I must say that I have never observed anyone doing B in a game and have never seen anyone question version A in a game but it is certainly justifiable to use B based upon "ignore such obstructions for the purposes of measurement." I would just ensure that both players are measuring using the same method.
    I saw the same text that you did and, like you, I found two possible interpretations. Hence the question and my inability to find an answer in the rules.

    Ensuring that both players are using the same method, though, requires being councious of both ways of doing it in the first place, and I think most of us take one way or the other for granted, so maybe it's best if the matter is discussed. I hadn't pondered this question until today, for example, and it can mean the difference between charging a war machine on top of a hill and falling short for half an inch in some cases.
    I'm not a native English speaker, but I'd like to go on learning, so I'd appreciate grammar corrections.
  • New

    Nirnel wrote:

    joshw4288 wrote:

    From Page 10 "To determine the distance between two points on theBattlefield (or two units, or any other elements), you must always measure from the closest points, even if the line ofmeasuring goes through any kind of intervening or obstructing element. Ignore such obstructions for the purposesof measurement. The rules often refer to things being within a certain distance. Measure the distance between the closest points. Ifthis distance is less than the given range, they are considered to be within range. This means that a model is alwayswithin range of itself and that the entire model/unit does not need to be within range, only a fraction of it. When measuring distances to and from a unit, measure from their Boundary Rectangles."
    I see two ways to interpret this. A) You measure from the closest point of Unit A's boundary rectangle to the closest point of Unit B's boundary rectangle, using the shortest direct path, which would be a straight diagonal line from Unit A to Unit B ON TOP of the hill. This would take into account the height of the hill in the measurement. B) You consider the hill to be an "obstructing element" and you measure from the closest point of the boundary rectangle of Unit A to the closest point flat on the table where Unit B's closet point of the boundary rectangle would be, ignoring the obstruction of the height of the hill.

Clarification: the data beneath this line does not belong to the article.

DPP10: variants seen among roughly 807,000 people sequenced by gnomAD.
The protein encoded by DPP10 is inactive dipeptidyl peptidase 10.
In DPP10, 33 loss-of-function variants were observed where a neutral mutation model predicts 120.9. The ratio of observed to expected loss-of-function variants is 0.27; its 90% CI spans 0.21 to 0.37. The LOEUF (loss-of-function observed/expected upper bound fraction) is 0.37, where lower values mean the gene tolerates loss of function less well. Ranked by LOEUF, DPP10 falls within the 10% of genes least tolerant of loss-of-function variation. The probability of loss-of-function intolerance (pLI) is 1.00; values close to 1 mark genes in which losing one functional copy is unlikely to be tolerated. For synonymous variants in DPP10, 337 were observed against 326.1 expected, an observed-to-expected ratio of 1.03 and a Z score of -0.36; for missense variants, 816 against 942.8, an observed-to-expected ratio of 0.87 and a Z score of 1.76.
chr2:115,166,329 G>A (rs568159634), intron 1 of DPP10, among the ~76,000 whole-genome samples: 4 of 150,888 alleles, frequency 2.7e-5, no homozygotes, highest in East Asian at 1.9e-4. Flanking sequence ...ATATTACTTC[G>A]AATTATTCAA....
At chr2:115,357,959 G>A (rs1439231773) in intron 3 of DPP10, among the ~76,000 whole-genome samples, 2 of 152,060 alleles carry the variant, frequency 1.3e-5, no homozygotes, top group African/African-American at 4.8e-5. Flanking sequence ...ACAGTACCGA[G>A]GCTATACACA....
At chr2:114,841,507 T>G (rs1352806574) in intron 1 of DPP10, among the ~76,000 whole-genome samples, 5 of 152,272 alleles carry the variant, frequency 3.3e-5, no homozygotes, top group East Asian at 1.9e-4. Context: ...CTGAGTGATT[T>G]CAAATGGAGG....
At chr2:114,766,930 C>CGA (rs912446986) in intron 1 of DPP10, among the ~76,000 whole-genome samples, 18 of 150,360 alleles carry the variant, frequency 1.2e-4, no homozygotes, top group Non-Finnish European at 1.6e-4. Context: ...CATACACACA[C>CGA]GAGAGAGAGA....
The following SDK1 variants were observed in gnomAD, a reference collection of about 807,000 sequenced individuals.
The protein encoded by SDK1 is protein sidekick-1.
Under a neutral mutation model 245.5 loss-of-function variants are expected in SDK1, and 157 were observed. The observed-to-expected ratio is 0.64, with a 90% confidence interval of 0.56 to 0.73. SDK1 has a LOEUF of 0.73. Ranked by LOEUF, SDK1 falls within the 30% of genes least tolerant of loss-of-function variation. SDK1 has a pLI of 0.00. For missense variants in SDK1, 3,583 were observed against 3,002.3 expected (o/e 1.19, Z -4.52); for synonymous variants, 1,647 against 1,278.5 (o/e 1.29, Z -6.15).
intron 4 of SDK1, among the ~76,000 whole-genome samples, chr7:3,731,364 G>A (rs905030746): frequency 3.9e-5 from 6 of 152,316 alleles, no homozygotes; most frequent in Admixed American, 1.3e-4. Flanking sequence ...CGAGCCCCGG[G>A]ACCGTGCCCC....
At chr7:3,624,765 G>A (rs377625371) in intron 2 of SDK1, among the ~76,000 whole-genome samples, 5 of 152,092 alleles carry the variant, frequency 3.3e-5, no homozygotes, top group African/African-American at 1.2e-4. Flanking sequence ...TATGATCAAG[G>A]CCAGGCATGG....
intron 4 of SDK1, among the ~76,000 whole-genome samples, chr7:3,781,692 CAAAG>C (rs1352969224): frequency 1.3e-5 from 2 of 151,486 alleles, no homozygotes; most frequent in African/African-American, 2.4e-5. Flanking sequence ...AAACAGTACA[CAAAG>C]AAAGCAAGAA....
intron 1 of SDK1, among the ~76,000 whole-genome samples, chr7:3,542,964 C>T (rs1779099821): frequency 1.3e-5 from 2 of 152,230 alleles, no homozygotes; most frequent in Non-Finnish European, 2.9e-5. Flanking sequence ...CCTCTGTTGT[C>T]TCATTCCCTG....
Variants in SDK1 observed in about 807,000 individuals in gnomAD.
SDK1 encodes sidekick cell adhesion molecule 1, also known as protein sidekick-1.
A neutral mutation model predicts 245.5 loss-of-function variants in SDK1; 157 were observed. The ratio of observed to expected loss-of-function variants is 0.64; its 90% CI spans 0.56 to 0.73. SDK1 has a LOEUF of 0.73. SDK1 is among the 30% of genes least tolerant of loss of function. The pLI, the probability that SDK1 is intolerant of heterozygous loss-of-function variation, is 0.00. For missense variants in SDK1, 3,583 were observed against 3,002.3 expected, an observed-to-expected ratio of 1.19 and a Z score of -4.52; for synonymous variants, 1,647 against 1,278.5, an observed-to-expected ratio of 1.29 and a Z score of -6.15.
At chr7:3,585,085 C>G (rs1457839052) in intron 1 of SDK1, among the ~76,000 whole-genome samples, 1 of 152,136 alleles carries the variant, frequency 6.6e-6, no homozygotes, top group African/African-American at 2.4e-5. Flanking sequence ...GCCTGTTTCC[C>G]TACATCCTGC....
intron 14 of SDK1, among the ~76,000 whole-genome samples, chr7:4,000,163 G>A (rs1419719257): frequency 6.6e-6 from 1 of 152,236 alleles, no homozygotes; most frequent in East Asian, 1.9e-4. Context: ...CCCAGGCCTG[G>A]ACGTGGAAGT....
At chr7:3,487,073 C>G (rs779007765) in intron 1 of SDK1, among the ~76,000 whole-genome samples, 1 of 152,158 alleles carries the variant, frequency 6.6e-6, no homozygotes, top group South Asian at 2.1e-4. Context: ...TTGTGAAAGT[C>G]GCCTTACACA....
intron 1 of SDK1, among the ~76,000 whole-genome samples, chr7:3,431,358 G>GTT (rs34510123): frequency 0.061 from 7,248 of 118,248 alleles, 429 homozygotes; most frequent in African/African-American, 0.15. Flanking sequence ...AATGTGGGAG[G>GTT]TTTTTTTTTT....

I must say that I have never observed anyone doing B in a game and have never seen anyone question version A in a game but it is certainly justifiable to use B based upon "ignore such obstructions for the purposes of measurement." I would just ensure that both players are measuring using the same method.
    I saw the same text that you did and, like you, I found two possible interpretations. Hence the question and my inability to find an answer in the rules.
    Ensuring that both players are using the same method, though, requires being councious of both ways of doing it in the first place, and I think most of us take one way or the other for granted, so maybe it's best if the matter is discussed. I hadn't pondered this question until today, for example, and it can mean the difference between charging a war machine on top of a hill and falling short for half an inch in some cases.
    Upon further reflection, I am really convinced that B is not only RAW but already practiced the majority of the time without thinking about it. However, you will not find an explicit rule in the book that says to ignore the Z plane. I think we are thinking too hard about what counts as obstruction of terrain, which is really just anything that prevents a straight line measurement. B is correct and most in line with the rules as written in this measurement section.
  • New

    Along the same line of closest point, this situation came up in a game recently...


    Unit A is shooting at Unit B, and Unit B is in the front arc of Unit A

    When measureing distance for close\long range, do you
    1. Use closest to closest point (even though you cannot see or shoot at the closest point as it is out of arc)
    2. Use the closest point in Arc\line of sight



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  • New

    Traumdieb wrote:

    I got a unit of dread legs with four rows and a altar (60x100) which were touched by a phoenix. Does he really make damage for five rows to the unit even a fifth row of unit does not exist?
    The Phoenix is 5 deep. So yes you have 5ranks.

    “Democracy is two wolves and a lamb voting on what to have for lunch. Liberty is a well-armed lamb contesting the vote.”
    Benjamin Franklin


  • New

    Dogday Sunrise wrote:

    When I cast the evocation spell that lets me reroll failed to wound rolls on a chariot, may I reroll to wound rolls from Impact hits?

    Impact hits are special attacks and those cannot be combined with other special rules. But isn't a spell, that is not granting a special rule, working on special attacks?
    On the same tournament.
    Plz write the rules for dangerous terrain test when running through multiply enemy units more exactly.
    Right now they are not 100%
    Clear.

    "when running though enemies models the unit take dt 3

    You don't know if for each unit or not

    “Democracy is two wolves and a lamb voting on what to have for lunch. Liberty is a well-armed lamb contesting the vote.”
    Benjamin Franklin